The Center for Human Evolutionary Studies is an interdisciplinary research Center dedicated to promoting the discovery, teaching, and public dissemination of knowledge on the origin, evolution, and history of humanity in the broadest sense. Currently, CHES comprises faculty and graduate student members and affiliates across SAS and SEBS. It is the intellectual home to a diverse team of internationally recognized scientists devoted to expanding our understanding of human evolution through research, education, and outreach. Our strengths lie in our multidisciplinary approach to study of human evolution, our distinguished faculty and research associates, and our highly competitive graduate and undergraduate students, including a number of foreign students from countries in which some of our research projects are based. We also enjoy privileged access to some of the world’s premier fossil localities for the investigation of the fossilized remains and archaeological traces of our early human ancestors.
Our primary mission at the Center for Human Evolutionary Studies is to promote and support innovative and broad ranging faculty and student research that is grounded in evolutionary theory and explores the past and present of what it means to be human. We engage in discovery, education, and public dissemination of knowledge on the origin, evolution, and biological and ecological bases of human behavior. Annual awards are made to help fund top student and faculty research in paleoanthropology, archaeology, non-human primate behavioral ecology, genetics, and modern human behavior across the globe.
At Home at Rutgers
As a top-ranked public research university, Rutgers is unique in housing a center with strengths in all aspects of human evolutionary studies. The university’s commitment to the center’s multidisciplinary explorations of human evolution is demonstrated through its strong support of the center’s research and training programs in five areas within paleoanthropology and the biological study of modern humans and other primates:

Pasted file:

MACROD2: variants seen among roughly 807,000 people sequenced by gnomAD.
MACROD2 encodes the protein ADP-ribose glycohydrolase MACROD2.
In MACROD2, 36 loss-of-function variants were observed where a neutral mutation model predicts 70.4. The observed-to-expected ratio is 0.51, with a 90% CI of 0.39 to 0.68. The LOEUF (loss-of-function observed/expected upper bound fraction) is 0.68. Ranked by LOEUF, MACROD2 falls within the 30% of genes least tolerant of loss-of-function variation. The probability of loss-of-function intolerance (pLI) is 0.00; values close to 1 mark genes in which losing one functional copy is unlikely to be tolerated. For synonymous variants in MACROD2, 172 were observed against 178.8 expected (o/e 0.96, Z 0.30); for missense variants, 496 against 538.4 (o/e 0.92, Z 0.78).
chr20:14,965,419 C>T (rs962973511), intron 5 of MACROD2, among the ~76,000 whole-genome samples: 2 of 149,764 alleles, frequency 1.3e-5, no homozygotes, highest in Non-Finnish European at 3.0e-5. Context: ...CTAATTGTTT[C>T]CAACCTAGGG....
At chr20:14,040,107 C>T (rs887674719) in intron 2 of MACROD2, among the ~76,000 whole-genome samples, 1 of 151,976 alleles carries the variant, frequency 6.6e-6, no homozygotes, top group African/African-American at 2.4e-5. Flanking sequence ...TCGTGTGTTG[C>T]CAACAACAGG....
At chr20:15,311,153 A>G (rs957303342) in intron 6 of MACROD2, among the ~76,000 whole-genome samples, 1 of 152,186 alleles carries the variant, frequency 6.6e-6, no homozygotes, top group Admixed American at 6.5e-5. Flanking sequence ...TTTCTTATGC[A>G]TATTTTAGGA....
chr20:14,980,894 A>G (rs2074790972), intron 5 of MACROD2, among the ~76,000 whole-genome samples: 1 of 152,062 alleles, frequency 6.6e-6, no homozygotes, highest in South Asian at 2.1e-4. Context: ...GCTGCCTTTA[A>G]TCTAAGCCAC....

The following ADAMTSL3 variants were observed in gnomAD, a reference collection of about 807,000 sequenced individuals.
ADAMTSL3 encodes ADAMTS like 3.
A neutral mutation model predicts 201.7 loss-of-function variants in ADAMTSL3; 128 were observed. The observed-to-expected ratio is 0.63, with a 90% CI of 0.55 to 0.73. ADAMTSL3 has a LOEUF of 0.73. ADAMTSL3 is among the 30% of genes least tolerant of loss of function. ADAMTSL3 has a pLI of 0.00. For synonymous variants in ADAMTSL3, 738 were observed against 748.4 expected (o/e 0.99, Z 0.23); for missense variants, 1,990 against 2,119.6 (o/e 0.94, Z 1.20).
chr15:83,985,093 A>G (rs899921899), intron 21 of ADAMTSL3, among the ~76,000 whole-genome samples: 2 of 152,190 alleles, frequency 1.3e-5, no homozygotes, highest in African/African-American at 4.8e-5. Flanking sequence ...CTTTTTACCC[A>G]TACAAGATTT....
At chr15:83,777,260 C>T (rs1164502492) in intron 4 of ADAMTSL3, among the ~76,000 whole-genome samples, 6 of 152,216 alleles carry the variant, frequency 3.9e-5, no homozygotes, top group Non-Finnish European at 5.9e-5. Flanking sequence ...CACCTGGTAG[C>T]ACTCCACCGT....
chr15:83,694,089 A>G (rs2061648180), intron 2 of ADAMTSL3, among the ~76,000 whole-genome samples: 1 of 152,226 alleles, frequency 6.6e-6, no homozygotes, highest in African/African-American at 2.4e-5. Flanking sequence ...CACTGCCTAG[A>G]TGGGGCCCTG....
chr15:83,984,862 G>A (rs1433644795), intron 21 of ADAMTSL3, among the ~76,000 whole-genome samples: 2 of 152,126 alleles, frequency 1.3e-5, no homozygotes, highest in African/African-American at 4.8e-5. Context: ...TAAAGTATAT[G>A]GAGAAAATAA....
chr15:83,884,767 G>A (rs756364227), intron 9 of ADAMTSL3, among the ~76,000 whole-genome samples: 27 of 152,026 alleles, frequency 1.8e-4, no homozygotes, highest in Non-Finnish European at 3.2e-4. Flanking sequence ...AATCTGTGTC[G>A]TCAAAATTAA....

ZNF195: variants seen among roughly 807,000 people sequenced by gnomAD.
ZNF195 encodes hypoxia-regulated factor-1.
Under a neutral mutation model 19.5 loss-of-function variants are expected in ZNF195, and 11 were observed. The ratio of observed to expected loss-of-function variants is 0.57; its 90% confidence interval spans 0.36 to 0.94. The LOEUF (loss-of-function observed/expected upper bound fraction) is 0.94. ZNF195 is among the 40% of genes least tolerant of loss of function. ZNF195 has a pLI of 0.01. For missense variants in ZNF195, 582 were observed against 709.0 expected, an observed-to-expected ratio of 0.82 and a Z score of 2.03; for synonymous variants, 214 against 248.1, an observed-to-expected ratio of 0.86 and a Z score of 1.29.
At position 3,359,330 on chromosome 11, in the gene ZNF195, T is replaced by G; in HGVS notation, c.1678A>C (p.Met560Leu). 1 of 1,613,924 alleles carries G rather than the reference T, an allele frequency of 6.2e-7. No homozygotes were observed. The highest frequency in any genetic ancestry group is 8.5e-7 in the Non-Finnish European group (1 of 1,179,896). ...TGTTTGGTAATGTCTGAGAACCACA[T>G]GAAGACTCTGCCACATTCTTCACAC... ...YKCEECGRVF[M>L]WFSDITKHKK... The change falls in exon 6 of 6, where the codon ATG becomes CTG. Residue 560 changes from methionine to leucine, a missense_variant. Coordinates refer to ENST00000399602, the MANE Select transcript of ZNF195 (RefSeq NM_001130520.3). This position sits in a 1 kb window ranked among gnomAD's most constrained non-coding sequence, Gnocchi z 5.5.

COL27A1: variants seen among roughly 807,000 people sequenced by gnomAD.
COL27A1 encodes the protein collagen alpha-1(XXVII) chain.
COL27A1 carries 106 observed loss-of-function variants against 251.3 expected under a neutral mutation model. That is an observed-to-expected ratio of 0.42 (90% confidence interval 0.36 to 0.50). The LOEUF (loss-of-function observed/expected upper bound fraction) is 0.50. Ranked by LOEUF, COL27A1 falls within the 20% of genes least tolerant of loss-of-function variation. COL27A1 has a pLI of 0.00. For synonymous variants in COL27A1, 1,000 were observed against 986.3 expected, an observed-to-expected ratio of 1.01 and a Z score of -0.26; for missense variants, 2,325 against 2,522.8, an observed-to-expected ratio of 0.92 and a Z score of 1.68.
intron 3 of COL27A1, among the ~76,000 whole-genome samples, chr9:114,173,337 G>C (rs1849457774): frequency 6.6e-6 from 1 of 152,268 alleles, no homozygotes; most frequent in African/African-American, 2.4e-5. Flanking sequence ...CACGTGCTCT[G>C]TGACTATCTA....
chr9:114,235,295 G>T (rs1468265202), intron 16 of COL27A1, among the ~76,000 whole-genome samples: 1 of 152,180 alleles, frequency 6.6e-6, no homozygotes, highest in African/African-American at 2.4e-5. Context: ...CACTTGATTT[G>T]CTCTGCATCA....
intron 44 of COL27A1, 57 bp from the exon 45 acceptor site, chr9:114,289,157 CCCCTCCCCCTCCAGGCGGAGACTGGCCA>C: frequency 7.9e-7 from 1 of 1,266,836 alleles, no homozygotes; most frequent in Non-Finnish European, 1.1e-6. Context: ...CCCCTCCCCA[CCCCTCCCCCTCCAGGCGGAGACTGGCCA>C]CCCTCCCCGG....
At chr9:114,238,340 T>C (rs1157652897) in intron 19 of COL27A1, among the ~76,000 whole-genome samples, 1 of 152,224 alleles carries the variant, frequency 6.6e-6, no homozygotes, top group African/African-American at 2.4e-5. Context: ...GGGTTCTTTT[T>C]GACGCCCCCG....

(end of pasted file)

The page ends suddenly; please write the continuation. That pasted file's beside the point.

- Prehistoric Archaeology
- Hominin Paleontology
- Paleoenvironmental and Paleoecological studies
- Biological basis of human behavior
CHES research has major implications for understanding the roots of humanity and for defining what it means to be human. Our investigation of ancient human ancestors and our closest living relatives are teaching us when and why our distinctive anatomical and behavioral traits evolved. Our studies of modern humans are demonstrating the biological basis of the complex patterns of social behavior we exhibit.
It is interesting to contemplate a tangled bank, clothed with many plants of many kinds, with birds singing in the bushes, with various insects flitting about, and with worms crawling through the damp earth, and to reflect that these elaborately constructed forms, so different from each other, and dependent upon each other in so complex a manner, have all been produced by laws acting around us. From so simple a beginning endless forms most beautiful and most wonderful have been and are being evolved. -- Charles Darwin